Unicode didn't arrive complete and fully-formed in the early 1990s; it has grown (and continues to grow), and we have learned a lot about the problem space. When the first versions of the standard were released, software companies (such as Microsoft and NeXT) were eager to add support for it, and the idea was that we could essentially just expand the character size from 8 to 16 bits and otherwise keep fixed-width characters and random-access strings. That was UCS-2: fixed-width, 16-bit characters.
I find the summary document Unicode 88 and the Wiki page for Han unification to be interesting reading...
Nothing comes for free, and the price of Unicode's fixed-length 16-bit character code design is the twofold expansion of ASCII (or other 8-bit-based) text storage, as seen in the figure on the previous page. This initially repugnant consequence becomes a great deal more attractive once the alternative is considered.
The only alternative to fixed-length encoding is a variable-length scheme using some sort of flags to signal the length and interpretation of subsequent information units. Such schemes require flag-parsing overhead effort to be expended for every basic text operation, such as get next character, get previous character, truncate text, etc. Any number of variable-length encoding schemes are possible (this fact itself being a major drawback); several that have been implemented are described in a later section.
By contrast, a fixed-length encoding is flat-out simple, with all of the blessings attendant upon that virtue. The format is unambiguous, unique, and not susceptible to debate or revision. It is a logical consequence of the fundamental notion of character stream. Since it requires no flag parsing overhead, it makes all text operations easier to program, more reliable, and (mainly) faster.
Anyway, it turns out that 16 bits weren't even close to being enough. Not only did Unicode massively underestimate the needs of CJK languages, there was also a need to catalogue historical texts (for instance, how else could you write a history book which uses those texts?), to allow for round-tripping with legacy encodings, and more.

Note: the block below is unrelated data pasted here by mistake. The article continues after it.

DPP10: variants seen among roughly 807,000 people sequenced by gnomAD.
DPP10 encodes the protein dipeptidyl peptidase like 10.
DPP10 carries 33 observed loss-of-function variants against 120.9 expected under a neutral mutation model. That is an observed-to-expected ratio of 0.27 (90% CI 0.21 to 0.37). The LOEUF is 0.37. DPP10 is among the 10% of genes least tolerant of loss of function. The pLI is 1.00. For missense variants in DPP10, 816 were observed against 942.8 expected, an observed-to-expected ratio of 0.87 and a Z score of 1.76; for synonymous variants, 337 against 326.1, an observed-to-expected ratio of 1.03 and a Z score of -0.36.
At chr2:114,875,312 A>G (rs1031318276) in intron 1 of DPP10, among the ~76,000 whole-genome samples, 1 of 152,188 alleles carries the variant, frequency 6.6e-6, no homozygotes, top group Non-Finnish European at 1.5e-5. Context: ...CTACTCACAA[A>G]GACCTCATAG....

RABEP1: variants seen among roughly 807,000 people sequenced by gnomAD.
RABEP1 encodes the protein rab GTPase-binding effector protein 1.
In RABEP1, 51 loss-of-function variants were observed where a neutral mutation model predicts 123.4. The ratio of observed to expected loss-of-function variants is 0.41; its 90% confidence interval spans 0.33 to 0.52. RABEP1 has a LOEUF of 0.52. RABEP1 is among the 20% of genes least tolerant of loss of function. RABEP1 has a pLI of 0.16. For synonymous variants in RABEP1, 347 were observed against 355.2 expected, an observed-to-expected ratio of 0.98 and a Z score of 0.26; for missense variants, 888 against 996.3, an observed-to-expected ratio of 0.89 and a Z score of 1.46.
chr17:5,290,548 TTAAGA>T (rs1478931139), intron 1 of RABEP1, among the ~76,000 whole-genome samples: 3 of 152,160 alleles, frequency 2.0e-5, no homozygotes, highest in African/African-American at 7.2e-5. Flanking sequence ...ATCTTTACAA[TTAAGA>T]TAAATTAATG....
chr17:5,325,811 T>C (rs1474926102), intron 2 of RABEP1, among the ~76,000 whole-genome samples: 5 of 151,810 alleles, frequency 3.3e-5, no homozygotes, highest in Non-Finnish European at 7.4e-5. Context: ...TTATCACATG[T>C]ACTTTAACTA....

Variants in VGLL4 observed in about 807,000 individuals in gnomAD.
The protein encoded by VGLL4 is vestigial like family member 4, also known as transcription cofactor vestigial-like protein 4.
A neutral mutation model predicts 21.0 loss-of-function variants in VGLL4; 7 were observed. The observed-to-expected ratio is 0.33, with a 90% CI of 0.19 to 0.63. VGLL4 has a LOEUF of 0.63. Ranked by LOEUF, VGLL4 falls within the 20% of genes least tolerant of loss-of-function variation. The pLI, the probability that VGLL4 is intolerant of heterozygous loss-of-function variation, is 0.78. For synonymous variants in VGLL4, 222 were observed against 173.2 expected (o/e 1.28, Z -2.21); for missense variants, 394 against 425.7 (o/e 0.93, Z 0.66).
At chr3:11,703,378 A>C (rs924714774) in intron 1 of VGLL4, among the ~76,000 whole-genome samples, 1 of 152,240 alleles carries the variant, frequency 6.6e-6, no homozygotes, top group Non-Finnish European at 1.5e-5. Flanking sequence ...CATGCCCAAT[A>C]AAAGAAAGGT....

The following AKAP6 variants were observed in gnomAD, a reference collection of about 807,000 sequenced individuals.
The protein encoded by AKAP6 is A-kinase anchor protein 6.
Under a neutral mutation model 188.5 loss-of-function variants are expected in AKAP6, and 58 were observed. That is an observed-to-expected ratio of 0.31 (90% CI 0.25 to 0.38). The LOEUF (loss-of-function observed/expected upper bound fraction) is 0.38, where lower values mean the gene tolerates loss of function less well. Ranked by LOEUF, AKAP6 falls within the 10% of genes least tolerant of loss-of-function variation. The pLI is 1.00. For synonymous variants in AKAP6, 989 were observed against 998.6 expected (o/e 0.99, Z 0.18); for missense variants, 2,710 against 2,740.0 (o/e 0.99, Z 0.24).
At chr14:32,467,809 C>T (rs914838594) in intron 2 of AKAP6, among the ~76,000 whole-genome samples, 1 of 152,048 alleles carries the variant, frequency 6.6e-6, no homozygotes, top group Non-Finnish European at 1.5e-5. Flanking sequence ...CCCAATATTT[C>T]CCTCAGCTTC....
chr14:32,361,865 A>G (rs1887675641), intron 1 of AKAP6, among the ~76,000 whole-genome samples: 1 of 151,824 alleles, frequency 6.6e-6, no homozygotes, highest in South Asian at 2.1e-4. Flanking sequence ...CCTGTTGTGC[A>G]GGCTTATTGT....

And so Unicode invented the UTF-16 encoding, which reserves part of the 16-bit code space to include special flag characters known as "surrogates". In UTF-16, a lone surrogate is not a valid character.
When it became increasingly clear that 2^16 characters would not suffice, IEEE introduced a larger 31-bit space and an encoding UCS-4 that would require 4 bytes per character. This was resisted by the Unicode Consortium, both because 4 bytes per character wasted a lot of memory and disk space, and because some manufacturers were already heavily invested in 2-byte-per-character technology. The UTF-16 encoding scheme was developed as a compromise and introduced with version 2.0 of the Unicode standard in July 1996.
In the UTF-16 encoding, code points less than 2^16 are encoded with a single 16-bit code unit equal to the numerical value of the code point, as in the older UCS-2. The newer code points greater than or equal to 2^16 are encoded by a compound value using two 16-bit code units. These two 16-bit code units are chosen from the UTF-16 surrogate range
0xD800–0xDFFF which had not previously been assigned to characters. Values in this range are not used as characters, and UTF-16 provides no legal way to code them as individual code points.
In other words: UTF-16 is a variable-width encoding.
And that's really what it comes down to - UTF-16 was always a compatibility thing. UCS-2 was a mistake, but interfaces which worked in terms of 16-bit strings were built for it. It was necessary to retrofit a larger character space on to them somehow.
And ultimately, compatibility is also the reason why Swift's String initially chose UTF-16 as its native encoding - for compatibility with
NSString, NeXTSTEP's UCS-2 String type.
And that's also why UTF-8 is better - if you're doing variable-width anyway, there's no point to 16-bit elements any more.